I just started using a queen breeder that catches queens after 3 weeks so he can judge the brood pattern. The queens look great so far ,and they only cost $12.50 each. If you are interested PM me and I will give you his info.
Yes, I'm the one that doesn't winter my bees. I started spliting my packages yesterday. I bought 650 2# packages on 3-21-09 and I split and shake packages from them. I use 250-300 queens for just splits and packages on top the all the queen that I buy in my packages. With that kind of queen buying I feel I should get a better deal.
Originally Posted by Bizzybee
With prices of bees and queens keep jumping up each year. I just might have to buy a place in the south to just sale bees. Heck with all this honey in the north.:lookout:
Costs and input are a major concern regardless of what business you are in. However, I am baffled when beekeepers think the cost of queens is too high yet want better quality, and not to mention the queen is the foundation of every colony. It really does take a great deal of input to produce high quality queens. If you ever get the change to go visit a commercial queen producer it is well worth the time. The cost of production is not simply the time spent raising each queen, but the overhead behind the production process, all of the support colonies, labor and disasters that can and do occur in the field. Many of the input costs for the producer have really increased in the past couple of years, and most cannot absorb those costs for very long.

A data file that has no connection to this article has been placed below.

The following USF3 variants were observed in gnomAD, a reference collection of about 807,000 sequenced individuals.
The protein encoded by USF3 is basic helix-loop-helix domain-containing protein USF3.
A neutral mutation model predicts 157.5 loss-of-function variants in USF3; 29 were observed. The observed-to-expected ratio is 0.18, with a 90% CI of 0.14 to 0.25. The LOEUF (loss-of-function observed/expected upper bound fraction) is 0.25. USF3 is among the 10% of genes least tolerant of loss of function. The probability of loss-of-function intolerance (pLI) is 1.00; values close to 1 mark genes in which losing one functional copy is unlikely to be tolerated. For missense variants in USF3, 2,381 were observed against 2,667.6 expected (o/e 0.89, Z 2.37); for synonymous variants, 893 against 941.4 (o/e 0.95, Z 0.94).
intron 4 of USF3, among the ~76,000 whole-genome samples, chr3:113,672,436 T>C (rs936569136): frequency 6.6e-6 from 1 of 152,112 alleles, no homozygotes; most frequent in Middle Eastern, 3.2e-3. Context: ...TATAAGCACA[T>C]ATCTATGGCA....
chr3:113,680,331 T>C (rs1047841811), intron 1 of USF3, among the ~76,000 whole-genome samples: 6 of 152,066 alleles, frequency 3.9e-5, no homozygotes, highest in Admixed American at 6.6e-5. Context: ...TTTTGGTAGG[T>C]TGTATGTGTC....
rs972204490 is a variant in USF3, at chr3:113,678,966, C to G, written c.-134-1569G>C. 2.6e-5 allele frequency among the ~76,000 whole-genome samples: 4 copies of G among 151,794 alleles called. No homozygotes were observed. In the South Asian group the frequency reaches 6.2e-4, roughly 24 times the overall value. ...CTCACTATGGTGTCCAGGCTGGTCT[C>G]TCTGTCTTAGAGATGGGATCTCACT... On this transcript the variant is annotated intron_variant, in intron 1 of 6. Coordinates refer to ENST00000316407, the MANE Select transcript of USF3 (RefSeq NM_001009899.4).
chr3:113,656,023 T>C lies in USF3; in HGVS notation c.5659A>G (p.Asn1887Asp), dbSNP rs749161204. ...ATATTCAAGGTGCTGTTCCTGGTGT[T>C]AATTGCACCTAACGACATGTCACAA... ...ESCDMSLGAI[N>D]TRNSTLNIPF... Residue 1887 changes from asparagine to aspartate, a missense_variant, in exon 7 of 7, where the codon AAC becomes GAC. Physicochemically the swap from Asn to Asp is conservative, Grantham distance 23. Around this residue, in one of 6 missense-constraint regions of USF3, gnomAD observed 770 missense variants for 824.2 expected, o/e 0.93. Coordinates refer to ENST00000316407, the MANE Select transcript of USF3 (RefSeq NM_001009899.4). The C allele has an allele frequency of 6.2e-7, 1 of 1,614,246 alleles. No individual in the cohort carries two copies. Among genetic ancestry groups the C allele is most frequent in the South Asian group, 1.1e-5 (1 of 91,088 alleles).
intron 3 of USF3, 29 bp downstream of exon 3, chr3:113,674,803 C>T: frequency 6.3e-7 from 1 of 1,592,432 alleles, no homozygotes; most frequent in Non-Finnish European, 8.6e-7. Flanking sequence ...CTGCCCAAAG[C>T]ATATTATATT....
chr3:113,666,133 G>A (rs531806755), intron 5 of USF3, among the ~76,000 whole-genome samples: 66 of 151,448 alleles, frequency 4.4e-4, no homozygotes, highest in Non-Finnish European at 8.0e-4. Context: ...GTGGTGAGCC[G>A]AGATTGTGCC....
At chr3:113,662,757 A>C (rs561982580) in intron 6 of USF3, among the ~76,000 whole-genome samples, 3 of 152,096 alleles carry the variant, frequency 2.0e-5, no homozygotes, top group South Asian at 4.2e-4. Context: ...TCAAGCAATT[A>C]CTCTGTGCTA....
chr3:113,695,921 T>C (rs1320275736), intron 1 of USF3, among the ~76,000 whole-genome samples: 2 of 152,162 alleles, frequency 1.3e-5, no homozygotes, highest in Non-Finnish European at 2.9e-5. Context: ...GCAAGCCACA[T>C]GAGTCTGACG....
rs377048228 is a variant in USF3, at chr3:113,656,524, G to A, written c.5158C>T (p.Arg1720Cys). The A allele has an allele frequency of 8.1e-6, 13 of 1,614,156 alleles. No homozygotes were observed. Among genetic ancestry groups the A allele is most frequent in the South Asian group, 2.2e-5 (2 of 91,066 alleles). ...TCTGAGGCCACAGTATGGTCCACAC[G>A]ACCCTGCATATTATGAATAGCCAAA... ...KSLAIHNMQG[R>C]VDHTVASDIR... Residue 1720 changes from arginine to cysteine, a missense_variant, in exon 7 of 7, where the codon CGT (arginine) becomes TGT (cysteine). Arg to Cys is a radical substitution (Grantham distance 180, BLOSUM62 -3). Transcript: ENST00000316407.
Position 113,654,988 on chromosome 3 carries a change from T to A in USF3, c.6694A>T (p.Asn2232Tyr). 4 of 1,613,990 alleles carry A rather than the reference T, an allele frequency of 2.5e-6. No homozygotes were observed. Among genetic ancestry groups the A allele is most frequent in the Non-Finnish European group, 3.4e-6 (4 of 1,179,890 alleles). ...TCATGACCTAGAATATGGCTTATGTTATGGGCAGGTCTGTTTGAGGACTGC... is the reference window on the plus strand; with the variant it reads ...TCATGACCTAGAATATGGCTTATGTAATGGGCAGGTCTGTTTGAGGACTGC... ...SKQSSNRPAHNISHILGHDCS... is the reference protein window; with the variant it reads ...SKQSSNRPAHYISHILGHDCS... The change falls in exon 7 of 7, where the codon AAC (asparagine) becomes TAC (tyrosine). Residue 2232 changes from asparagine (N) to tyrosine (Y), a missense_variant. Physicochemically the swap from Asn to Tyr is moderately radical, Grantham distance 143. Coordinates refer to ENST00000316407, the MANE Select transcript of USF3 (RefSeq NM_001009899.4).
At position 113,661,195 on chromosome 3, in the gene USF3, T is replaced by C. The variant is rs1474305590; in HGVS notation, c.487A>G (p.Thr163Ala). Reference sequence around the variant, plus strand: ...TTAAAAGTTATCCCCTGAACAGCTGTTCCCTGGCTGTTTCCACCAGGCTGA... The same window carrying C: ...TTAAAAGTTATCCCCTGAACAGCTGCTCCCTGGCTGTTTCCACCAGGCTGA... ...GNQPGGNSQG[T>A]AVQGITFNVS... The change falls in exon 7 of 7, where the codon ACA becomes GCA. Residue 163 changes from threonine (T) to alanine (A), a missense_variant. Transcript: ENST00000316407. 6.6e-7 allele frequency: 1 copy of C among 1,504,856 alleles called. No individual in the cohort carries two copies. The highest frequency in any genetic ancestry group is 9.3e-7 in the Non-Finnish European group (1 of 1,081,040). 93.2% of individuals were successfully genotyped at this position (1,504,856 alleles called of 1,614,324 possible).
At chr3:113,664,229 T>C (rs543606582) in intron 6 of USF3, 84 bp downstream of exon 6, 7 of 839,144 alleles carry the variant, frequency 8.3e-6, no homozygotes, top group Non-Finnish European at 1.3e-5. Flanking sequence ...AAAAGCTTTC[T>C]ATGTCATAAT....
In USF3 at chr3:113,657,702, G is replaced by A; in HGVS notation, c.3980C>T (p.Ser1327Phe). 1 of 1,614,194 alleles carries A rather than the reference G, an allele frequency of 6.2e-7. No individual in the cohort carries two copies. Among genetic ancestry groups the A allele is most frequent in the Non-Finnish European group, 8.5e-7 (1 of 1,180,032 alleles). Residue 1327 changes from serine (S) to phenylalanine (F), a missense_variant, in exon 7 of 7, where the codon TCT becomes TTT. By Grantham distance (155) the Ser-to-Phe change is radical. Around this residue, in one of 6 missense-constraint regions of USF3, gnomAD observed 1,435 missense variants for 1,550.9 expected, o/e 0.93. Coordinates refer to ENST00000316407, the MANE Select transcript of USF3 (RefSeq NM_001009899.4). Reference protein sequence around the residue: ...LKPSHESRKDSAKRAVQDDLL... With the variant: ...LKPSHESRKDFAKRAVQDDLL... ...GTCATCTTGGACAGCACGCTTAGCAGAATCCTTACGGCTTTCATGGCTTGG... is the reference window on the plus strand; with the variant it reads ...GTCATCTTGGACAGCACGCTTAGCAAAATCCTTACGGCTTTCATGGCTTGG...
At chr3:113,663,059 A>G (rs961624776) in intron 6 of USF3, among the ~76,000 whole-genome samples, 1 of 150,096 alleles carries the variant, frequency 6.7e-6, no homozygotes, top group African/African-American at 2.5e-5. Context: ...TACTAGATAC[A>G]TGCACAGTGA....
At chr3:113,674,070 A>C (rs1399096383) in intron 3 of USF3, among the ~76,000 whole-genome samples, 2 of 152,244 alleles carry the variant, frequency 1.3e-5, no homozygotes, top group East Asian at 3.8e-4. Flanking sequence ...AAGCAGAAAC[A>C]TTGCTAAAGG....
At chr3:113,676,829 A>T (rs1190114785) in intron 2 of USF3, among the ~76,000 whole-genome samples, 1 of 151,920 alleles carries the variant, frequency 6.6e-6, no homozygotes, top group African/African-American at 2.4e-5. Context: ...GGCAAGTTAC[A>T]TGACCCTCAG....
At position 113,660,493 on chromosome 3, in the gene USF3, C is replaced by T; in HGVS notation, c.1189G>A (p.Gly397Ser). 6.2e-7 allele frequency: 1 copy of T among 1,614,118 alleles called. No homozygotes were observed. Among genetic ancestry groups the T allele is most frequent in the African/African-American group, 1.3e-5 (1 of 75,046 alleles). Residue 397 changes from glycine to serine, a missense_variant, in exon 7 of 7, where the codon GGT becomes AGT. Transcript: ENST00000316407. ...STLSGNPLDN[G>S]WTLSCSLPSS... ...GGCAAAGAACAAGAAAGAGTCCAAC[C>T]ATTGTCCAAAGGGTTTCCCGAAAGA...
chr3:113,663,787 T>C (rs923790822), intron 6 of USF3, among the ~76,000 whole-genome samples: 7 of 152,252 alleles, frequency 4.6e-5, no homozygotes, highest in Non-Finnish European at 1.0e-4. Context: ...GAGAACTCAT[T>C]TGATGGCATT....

If you really stop and crunch the numbers, I think you will find that paying a little more for good quality queens will pay greater rewards.
Just my 2 cents...
Check into the Ohio Queen Project.
You may be able to partner up with someone interested in breeding good queens. You give them an outlet to sell to, and they supply you with queens. Win/win for both of you.
Cells are running $3-4 piece, yes, I would say $ 15 is not a good buy, I would go with cells.
Originally Posted by The Honey Householder
Buying queens is like buying hay... always cheaper on the the other side of the horse.
In all seriousness, in relative price terms adjusted for inflation queens are cheaper now than they were in the 70's.
the problem is that tyhe prices keep going up and the quality (of most) are going down.
queens here are $17- $20 a piece + shipping.